Powell Warns Inflation Isn’t Exactly Transitory, Could Increase
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Powell Warns Inflation Isn’t Exactly Transitory, Could Increase

The Fed says inflation will likely stick around, while Congress drafts a bill targeting $30 billion raised via crypto taxes.
Neither the author, Kai Morris, nor this website, The Tokenist, provide financial advice. Please consult our website policy prior to making financial decisions.

Jerome Powell, the Federal Reserve Chair, has raised concerns about inflation, warning the public that it may not be as transitory as was previously thought. It appears that the Fed is now becoming worried that inflation rates may have a longer-term impact than they had initially anticipated.

Powell’s words come at the same time that Congress has just drafted its new bill aimed to impose greater taxes on crypto as a means of funding infrastructure. If this bill passes, then every crypto transaction must be logged and reported for tax purposes.

The Fed’s Gamble on Inflation

The Fed Chair, Jerome Powell, has stated that inflation is looking much harsher than it did before. In a press conference, he explained:

“As the reopening continues, bottlenecks, hiring difficulties, and other constraints could continue to limit how quickly supply can adjust, raising the possibility that inflation could turn out to be higher and more persistent than we expect”

In other words, inflation is getting a little out of hand for the government, and it appears that the economy is suffering more than the Fed thought it would. Powell has made it clear that inflation is going to be longer-lasting, but he was careful not to refer to it as being either permanent or transitory. 

The term, transitory inflation, has been a buzzword for the Fed throughout this year, with the organization consistently arguing that the current rates will be temporary. Powell has not detached himself from this narrative just yet, but his recognition that inflation is significantly intense suggests that the Fed is getting nervous about its decisions. 

The Fed has been in a strange position– it has been trying to ease the flow of reopening the economy by spending heaps of cash on stimulus packages. This idea has been frowned upon by Deutsche Bank, who argued that doing this would lead to irreparable inflation and could even trigger a recession. Now Ken Langone, billionaire and former chairman of the New York Stock Exchange’s Compensation Committee, has joined the doubters and is also calling for the Fed to re-evaluate its stance. 

Langone has argued that these rates of inflation are not transitory or temporary in any capacity and that government spending is making things significantly worse. If this is true, then it will prove the Fed’s gamble was a failure and their attempts at stimulating the economy have caused the US to face a financial freefall. 

Langone has referred to the situation as “hyperinflation”, and has argued that any plans to continue spending will be to “take a white-hot fire and throw a 5-gallon gas can on top of it.” Not only will the bankers and investors get punished, but so will the average consumer. In fact, he pointed out that this has already happened, noting that the urban consumer price index is as high as it was during the 2008 financial crisis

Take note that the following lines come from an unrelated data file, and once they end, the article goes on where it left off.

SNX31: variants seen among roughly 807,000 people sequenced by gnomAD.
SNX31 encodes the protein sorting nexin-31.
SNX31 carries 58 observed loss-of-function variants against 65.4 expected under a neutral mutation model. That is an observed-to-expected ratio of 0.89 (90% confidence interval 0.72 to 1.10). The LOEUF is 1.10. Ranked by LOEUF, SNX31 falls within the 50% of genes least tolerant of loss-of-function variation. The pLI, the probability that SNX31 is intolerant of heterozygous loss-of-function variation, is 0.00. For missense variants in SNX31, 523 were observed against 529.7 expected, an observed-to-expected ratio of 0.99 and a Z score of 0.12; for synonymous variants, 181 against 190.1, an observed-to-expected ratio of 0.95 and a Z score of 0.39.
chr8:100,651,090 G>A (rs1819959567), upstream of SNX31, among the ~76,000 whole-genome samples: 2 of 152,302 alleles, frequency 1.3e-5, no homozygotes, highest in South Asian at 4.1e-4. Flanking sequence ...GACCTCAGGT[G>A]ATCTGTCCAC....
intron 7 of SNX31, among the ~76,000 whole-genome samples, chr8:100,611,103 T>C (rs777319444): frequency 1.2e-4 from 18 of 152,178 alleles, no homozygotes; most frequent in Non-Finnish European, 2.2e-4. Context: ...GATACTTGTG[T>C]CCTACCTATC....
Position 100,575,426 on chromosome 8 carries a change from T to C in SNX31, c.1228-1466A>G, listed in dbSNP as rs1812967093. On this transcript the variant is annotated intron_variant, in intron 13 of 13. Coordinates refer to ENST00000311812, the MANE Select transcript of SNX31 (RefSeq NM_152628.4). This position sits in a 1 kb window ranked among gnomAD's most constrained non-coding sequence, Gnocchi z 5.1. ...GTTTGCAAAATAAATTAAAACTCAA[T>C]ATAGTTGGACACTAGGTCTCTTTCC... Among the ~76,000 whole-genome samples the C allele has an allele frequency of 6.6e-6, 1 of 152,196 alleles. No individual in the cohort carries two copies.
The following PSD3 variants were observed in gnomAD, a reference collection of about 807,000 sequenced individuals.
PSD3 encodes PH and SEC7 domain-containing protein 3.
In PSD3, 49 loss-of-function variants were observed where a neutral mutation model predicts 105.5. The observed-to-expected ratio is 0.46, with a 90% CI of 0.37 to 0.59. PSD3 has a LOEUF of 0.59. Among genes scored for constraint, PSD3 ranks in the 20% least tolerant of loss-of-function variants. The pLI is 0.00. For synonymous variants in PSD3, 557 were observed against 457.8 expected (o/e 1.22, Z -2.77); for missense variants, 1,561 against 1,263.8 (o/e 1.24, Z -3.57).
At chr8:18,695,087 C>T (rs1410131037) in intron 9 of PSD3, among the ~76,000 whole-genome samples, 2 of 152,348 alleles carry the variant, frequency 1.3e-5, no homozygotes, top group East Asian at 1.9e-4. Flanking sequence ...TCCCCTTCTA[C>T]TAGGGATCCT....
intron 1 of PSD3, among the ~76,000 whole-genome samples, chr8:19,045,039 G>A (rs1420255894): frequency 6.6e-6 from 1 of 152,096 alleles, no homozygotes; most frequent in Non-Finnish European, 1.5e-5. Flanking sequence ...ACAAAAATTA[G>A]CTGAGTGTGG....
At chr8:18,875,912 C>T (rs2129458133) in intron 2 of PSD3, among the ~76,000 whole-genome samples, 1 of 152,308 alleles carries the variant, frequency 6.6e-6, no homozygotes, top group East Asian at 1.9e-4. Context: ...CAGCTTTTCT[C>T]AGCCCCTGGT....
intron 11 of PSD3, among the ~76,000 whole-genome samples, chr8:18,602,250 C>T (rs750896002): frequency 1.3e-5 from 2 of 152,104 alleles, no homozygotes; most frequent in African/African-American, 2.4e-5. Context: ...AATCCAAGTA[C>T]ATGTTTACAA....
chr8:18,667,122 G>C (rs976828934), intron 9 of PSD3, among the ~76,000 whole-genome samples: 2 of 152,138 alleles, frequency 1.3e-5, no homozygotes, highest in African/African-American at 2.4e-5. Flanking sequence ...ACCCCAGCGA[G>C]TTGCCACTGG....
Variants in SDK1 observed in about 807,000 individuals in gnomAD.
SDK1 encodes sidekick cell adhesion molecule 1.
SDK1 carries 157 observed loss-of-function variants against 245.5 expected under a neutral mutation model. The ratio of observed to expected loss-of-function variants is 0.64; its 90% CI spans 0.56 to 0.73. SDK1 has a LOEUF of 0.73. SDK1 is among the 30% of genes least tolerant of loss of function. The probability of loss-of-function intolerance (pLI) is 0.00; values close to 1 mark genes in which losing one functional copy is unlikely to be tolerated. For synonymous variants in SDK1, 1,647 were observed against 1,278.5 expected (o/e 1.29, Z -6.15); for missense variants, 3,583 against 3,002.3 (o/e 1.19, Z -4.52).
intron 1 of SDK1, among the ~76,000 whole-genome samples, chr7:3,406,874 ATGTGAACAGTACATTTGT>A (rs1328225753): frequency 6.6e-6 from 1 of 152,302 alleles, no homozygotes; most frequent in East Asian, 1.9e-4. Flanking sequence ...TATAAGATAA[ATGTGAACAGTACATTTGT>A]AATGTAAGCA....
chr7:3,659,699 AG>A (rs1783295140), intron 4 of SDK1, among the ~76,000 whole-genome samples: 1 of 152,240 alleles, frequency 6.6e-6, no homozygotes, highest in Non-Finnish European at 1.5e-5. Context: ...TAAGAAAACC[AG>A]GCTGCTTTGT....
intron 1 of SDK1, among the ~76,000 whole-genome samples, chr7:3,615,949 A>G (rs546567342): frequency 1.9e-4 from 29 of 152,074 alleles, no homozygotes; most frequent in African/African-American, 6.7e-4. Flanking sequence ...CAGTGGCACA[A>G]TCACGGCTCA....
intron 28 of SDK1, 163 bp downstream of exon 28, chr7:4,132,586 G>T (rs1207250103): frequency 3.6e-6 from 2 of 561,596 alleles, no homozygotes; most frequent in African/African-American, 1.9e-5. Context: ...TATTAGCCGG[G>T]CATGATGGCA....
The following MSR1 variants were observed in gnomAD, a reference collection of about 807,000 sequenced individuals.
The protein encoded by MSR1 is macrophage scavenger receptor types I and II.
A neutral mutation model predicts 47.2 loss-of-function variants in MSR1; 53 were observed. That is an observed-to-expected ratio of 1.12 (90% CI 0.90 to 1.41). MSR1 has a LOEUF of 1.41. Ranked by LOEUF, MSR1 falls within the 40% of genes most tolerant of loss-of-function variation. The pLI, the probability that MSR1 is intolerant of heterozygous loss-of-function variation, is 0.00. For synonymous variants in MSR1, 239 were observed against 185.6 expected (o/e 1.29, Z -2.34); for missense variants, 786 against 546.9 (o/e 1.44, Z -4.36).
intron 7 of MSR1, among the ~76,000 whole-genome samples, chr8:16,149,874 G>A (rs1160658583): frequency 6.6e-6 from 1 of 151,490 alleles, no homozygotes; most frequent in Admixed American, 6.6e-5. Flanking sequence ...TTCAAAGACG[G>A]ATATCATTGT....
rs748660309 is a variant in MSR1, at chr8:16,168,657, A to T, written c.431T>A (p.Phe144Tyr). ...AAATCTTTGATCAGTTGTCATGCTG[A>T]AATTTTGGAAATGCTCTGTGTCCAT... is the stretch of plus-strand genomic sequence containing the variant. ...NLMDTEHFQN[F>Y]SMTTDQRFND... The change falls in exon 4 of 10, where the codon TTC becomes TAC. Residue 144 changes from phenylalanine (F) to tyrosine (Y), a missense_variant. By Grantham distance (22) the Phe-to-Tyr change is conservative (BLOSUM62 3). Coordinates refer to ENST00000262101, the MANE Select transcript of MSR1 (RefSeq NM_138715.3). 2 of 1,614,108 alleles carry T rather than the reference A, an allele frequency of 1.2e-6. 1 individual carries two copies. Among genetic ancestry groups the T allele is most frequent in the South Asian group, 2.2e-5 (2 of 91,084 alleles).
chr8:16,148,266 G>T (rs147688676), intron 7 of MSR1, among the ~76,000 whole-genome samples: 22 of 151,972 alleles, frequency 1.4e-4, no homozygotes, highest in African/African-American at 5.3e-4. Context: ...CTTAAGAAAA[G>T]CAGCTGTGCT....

Congress Looks Towards Monitoring Crypto

It is no coincidence that in the same week the Fed Chair discusses extended inflation, Congress releases the draft for its new bipartisan infrastructure bill. The bill aims to increase spending by $550 billion on helping forward the US in a myriad of areas, from fixing roads and bridges, to improving broadband.

While this bill will certainly do a great deal of good within the country, in light of recent inflation worries, it seems problematic. However, Congress did keep this in mind, and came up with a solution of sorts, the only issue is that this solution is experimental, insidious, and maybe even impossible.

To fund this bill, Congress is proposing a strict crypto tax policy– one that demands every crypto user reports every transaction they make using digital assets. This could not only affect brokers but anybody who interacts with crypto, including wallet developers (both software and hardware), DAO token users, and liquidity providers. There is even a chance that it will affect miners. 

It has been reported that these were last-minute additions to the bill. Kristin Smith, Executive Director of the Blockchain Institute, has said that the organization will be pushing against these changes to the bill, calling them “hugely problematic”.

Considering that throughout the year, Congress has been highly critical and dismissive of crypto, using the industry as a final-hour attempt to fund this bill leaves a bitter taste in people’s mouths. Many view this as a sign of disrespect towards the industry, as it shows that the government knows its value, but appears wholly disinterested in nurturing or growing it. 

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